Yesterday I watched this great TED video thanks to Sharon on Google+. In the video, Matt Cutts talks about the power of the 30 day challenge. Apparently that’s all the time you need to start or stop a habit. Mr. Cutts encourages us all to think of something that we have always wanted to do and commit to it for 30 days.
A blog post I read last week titled On Becoming Superhuman got me thinking about the importance of meditation and its benefits for athletic performance. That helped me to decide my 30 day challenge, but my only dilemma is, I don’t know how to meditate. I’m envisioning a monk, a lot of ommmmmmmm noises, and a picturesque background. I think I need to look into this…
Meditation can give you a sense of calm, peace and balance that benefits both your emotional well-being and your overall health. And these benefits don’t end when your meditation session ends. Meditation can help carry you more calmly through your day and can even improve certain medical conditions
Meditation can also improve concentration, help us to detach and live in the present, increase our health, and provide us with a deeper knowledge of our being. The one area that I am interested in most is gaining a deeper knowledge of myself. I want to know my thoughts, understand my body, and know that I have the mental fortitude to keep going when I most want to quit.
So how does one meditate? One of my favorite motivational/inspirational websites Pick the Brain has a list of six steps to follow while meditating:
- Sit with a straight back. Don’t try to meditate lying down because you are likely to fall asleep. Meditation brings relaxation and peace but at the same time this is a dynamic peace. Meditation is quite different than the relaxation of sleep. When we really meditate, we are fully alert and conscious. Our sense of awareness is heightened. Afterwards you’ll have a positive feeling for the world and a renewed sense of dynamism.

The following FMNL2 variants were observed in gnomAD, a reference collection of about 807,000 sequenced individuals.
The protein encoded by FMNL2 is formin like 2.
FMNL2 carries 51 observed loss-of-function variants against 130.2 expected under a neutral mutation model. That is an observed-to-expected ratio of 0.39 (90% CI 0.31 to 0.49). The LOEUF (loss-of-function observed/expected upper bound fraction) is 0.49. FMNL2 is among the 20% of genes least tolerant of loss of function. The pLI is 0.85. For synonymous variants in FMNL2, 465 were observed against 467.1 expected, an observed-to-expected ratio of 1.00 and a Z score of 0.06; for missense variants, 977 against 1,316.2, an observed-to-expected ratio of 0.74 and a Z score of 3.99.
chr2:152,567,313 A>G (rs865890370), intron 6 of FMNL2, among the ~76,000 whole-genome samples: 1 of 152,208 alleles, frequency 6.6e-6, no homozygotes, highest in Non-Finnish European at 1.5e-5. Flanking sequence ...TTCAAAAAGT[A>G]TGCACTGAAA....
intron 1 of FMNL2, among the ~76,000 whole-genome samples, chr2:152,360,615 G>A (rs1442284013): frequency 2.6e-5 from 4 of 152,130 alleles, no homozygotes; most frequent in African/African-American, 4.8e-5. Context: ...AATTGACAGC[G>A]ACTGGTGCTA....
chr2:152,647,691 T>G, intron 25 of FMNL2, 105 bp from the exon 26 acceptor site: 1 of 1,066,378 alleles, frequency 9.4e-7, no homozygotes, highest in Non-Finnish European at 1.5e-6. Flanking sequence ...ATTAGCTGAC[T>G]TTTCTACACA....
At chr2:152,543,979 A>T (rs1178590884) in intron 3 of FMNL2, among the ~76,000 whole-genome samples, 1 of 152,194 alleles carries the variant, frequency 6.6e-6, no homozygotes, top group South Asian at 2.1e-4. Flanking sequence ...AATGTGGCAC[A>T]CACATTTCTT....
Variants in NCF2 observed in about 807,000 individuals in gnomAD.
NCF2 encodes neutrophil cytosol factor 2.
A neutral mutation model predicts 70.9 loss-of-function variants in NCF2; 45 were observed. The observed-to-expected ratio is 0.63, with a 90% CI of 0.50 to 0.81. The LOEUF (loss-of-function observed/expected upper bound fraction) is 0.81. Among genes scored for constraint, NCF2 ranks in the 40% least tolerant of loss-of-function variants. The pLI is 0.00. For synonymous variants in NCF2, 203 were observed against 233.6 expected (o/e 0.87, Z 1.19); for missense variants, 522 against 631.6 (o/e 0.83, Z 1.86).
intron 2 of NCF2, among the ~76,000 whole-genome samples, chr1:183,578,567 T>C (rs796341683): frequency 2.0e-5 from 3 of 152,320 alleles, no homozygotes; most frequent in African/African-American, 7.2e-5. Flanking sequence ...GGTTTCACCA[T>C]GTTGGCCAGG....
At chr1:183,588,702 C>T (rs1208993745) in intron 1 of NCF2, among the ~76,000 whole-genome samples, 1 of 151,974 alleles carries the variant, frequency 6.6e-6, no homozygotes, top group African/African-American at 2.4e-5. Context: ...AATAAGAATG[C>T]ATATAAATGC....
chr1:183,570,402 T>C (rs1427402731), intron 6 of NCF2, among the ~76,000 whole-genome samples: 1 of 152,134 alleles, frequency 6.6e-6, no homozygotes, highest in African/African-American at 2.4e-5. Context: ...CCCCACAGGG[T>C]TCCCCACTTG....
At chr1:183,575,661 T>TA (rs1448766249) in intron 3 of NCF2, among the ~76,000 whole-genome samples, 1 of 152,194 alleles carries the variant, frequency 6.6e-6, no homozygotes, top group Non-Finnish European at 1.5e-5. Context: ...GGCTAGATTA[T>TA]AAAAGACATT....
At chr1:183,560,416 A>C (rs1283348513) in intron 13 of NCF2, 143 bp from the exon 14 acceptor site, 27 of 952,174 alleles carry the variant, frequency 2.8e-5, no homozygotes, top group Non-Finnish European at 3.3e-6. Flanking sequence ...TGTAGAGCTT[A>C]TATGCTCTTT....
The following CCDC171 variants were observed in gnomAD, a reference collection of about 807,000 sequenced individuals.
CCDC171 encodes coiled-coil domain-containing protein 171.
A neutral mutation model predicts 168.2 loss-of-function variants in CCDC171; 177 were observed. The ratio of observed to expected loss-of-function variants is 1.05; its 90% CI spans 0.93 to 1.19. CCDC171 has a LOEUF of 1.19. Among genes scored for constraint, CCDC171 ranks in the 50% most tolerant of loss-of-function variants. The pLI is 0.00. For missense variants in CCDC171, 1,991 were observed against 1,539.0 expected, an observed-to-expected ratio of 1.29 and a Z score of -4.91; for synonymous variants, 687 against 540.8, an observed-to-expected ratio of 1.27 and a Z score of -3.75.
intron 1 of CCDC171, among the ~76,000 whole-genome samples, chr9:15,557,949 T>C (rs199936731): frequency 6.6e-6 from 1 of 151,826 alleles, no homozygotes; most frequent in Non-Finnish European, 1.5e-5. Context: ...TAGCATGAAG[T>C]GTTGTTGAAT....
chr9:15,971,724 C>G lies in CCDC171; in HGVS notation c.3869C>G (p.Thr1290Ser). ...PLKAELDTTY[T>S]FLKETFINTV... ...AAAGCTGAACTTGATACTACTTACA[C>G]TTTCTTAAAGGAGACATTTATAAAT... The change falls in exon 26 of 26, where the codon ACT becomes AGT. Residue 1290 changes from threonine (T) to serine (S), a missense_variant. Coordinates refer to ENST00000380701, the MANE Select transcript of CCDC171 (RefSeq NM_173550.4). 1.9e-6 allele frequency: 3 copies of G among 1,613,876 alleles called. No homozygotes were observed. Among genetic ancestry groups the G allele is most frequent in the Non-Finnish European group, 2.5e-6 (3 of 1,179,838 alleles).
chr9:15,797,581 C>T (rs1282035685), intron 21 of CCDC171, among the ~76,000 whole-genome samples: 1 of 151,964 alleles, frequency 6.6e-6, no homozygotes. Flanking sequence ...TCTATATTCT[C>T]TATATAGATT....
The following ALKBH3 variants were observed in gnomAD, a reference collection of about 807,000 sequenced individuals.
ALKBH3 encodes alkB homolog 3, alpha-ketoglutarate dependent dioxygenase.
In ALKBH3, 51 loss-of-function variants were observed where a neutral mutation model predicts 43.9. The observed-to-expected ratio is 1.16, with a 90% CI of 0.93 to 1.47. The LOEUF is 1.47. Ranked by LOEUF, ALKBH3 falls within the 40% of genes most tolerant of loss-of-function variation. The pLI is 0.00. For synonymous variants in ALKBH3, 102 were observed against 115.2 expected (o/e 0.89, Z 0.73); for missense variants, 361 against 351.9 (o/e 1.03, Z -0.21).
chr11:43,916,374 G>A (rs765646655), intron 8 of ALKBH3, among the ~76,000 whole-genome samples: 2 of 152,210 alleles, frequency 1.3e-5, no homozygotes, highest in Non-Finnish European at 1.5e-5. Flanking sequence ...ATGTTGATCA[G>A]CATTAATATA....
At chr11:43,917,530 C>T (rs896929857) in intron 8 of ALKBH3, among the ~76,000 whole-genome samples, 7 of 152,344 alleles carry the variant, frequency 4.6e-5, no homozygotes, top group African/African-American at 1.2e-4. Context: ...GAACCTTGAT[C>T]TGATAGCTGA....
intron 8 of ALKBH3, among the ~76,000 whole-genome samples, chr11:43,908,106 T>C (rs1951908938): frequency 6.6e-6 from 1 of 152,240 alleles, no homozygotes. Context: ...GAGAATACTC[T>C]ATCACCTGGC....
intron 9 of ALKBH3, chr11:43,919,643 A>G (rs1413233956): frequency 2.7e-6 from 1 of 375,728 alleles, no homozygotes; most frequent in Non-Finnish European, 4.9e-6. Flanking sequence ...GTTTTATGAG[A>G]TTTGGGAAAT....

- Don’t eat before meditating. After a heavy meal your body will be lethargic with digestion.
- It is not necessary to mediate in the lotus posture. It is fine to meditate in a chair, as long as the back is straight.
- It is helpful to take a shower before meditating.
- Burning incense and having a candle are not necessary, but they can add a little extra inspiration.
- It is good to meditate early in the morning. It is said the best time is 3am, although, I feel it is more important to be awake and not sleepy, I meditate at 6.30am.
This morning I had my first attempt at meditation. I started by lying down which I quickly realized was a bad idea. At 5:45am, that just meant going right back to sleep. However, once I sat up, I kind of got into the groove of things. Just for the record, clearing your mind is hard. I ended up doing more visualization of me kicking butt at my next race than clearing my mind and meditating. Beneficial? Perhaps, but not what I was suppose to be doing. I will try again tomorrow and 28 days after that. Hopefully if I can get the hang of this, it will become a daily habit and not just a 30 day challenge.
Happy Trails and Happy Running,